Referring to FIG. 9, the driving circuit 300 may include a PAM driving circuit 310, a PWM driving circuit 320, sixth to eighth transistors 331, 332 and 361.
The PAM driving circuit 310 may include a first transistor 312 which is connected to and disposed between the drain terminal and the gate terminal of the first driving transistor 311, a first capacitor 313 including a first terminal commonly connected to the source terminal of the first driving transistor 311, the source terminal of the second driving transistor 321 and the driving voltage (VDD) terminal of the driving circuit 300, a second capacitor 314 including a first terminal commonly connected to the gate terminal C of the first driving transistor 311, a second terminal of the first capacitor 313 and the source terminal of the first transistor 312, and a second transistor 315 including a source terminal via which a data signal (Sig<m>) is applied, and a drain terminal connected to the second terminal D of the second capacitor 314.
While the first transistor 312 is turned on according to a control signal RES, when the driving voltage (VDD) is applied to the PAM driving circuit 310 by the driving voltage (VDD) terminal via the source terminal of the first driving transistor 311, the PAM driving circuit 310 may apply a first voltage corresponding to the driving voltage (VDD) and the threshold voltage of the first driving transistor 311 to the gate terminal C of the first driving transistor 311 via the turned-on driving transistor 311.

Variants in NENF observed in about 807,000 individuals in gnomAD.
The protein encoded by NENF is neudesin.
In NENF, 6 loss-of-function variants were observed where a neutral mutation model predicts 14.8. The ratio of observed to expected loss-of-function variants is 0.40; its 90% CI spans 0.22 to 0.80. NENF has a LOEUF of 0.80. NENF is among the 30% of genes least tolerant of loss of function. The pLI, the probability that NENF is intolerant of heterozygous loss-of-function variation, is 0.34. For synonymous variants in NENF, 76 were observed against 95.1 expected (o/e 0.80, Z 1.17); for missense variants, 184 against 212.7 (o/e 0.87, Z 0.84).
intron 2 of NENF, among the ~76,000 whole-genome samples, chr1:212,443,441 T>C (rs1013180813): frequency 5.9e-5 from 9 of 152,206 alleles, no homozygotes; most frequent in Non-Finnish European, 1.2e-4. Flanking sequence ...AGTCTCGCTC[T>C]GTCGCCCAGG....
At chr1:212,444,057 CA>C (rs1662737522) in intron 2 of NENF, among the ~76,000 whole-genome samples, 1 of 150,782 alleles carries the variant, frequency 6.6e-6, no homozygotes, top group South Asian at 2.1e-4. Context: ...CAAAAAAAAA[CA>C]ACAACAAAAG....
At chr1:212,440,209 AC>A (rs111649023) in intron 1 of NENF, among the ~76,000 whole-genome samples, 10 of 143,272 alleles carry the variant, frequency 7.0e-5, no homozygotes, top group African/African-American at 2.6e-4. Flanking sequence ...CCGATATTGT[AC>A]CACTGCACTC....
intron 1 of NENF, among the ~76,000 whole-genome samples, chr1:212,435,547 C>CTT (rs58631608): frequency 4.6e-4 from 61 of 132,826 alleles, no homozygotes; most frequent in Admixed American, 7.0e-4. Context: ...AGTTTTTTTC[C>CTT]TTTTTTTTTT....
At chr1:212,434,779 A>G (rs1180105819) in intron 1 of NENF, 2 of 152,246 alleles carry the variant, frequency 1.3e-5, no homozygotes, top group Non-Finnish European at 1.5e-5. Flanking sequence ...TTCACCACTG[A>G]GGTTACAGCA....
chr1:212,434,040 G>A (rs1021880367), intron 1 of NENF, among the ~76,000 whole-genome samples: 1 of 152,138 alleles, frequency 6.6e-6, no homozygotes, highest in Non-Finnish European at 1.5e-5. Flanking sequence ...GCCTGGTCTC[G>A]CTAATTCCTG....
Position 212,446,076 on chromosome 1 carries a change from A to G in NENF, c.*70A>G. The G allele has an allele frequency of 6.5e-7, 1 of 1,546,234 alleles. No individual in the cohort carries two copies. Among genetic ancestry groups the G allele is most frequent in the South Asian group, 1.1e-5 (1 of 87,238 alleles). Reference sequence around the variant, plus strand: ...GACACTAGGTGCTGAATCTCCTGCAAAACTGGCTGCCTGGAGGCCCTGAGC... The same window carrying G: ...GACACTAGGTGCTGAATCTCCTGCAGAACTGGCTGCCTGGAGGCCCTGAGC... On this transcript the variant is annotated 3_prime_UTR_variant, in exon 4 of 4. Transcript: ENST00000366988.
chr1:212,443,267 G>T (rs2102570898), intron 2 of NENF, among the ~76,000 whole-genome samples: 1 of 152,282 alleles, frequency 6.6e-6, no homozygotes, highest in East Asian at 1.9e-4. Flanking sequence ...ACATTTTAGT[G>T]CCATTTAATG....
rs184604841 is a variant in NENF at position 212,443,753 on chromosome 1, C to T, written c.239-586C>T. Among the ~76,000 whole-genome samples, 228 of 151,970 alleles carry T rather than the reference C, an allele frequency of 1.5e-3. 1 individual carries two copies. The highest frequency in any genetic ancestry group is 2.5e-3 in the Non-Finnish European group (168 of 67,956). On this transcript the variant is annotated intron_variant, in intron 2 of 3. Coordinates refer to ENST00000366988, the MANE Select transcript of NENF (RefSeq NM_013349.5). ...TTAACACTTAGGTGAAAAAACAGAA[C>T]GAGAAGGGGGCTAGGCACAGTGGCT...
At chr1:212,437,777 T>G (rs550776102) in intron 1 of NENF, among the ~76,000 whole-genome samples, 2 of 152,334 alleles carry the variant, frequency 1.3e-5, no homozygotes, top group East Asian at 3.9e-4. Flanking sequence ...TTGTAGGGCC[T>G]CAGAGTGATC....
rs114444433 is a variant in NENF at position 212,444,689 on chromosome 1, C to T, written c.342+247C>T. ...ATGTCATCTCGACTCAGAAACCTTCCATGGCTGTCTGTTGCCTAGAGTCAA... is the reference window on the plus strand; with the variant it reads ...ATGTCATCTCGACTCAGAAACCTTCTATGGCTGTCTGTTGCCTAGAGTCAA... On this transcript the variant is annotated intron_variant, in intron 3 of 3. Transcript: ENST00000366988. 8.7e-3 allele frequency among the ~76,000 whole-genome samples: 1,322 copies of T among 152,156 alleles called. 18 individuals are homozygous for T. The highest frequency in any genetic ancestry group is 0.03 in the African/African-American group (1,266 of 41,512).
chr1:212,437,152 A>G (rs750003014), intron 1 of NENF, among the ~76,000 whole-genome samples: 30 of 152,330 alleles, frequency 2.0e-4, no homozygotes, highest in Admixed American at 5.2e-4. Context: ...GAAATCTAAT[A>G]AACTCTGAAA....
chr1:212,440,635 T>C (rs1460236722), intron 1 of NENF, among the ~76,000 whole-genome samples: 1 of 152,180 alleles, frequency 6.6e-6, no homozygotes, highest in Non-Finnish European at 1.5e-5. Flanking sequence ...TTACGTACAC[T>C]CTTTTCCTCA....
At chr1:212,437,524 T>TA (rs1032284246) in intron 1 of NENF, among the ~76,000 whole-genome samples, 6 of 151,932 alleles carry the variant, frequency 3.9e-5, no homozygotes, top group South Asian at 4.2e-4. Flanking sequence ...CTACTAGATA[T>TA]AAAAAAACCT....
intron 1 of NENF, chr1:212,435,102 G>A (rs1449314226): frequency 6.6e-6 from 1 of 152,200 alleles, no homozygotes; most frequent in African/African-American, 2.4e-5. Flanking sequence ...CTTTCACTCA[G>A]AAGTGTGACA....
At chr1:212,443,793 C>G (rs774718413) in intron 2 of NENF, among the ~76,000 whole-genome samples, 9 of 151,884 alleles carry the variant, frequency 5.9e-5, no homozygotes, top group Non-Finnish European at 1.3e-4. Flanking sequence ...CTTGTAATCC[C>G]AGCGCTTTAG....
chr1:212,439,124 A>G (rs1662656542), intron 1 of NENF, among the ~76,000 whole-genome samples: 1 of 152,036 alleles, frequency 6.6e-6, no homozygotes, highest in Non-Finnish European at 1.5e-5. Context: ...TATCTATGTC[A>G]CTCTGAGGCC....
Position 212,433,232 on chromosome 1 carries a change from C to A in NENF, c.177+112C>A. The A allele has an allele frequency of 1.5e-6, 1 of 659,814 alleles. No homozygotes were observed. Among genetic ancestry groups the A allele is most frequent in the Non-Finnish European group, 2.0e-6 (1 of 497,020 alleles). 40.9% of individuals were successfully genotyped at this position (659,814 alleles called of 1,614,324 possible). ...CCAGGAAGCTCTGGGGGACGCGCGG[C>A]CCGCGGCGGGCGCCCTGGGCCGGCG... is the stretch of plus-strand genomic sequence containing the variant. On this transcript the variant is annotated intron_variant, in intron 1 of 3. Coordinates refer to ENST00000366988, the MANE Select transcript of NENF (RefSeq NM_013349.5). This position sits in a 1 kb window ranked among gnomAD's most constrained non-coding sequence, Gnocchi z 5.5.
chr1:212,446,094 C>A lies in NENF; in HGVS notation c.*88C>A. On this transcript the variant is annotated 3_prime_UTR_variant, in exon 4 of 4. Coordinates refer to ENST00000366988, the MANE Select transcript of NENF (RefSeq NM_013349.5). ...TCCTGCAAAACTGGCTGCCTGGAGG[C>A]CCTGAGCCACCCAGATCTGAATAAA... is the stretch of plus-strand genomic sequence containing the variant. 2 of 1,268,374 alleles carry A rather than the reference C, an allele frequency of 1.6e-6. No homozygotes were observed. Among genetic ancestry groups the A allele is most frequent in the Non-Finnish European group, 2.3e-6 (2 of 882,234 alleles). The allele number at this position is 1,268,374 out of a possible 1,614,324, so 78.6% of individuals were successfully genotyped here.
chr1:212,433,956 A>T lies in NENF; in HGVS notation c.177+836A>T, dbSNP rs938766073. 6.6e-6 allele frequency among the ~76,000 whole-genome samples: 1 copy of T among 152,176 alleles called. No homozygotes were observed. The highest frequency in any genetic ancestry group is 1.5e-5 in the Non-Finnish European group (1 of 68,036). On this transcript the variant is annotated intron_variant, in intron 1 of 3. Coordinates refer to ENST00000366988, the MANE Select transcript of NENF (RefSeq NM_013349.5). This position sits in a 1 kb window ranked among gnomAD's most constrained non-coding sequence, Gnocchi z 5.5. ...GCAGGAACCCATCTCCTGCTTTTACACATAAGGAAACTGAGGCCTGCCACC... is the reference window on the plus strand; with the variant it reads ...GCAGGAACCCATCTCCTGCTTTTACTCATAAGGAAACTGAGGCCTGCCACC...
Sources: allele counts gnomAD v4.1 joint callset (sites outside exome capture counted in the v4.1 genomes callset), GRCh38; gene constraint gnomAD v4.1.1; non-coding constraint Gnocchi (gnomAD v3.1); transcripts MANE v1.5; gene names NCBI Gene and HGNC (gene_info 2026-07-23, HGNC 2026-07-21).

In addition, when the PAM data voltage is applied via the source terminal of the second transistor 315, the PAM driving circuit 310 may apply a third voltage corresponding to the sum of the first voltage and the applied PAM data voltage to the gate terminal C of the first driving transistor 311. A voltage corresponding to the sum of the applied PAM data voltage and the threshold voltage of the first driving transistor 311 may be charged in the opposite terminals of the first capacitor 313.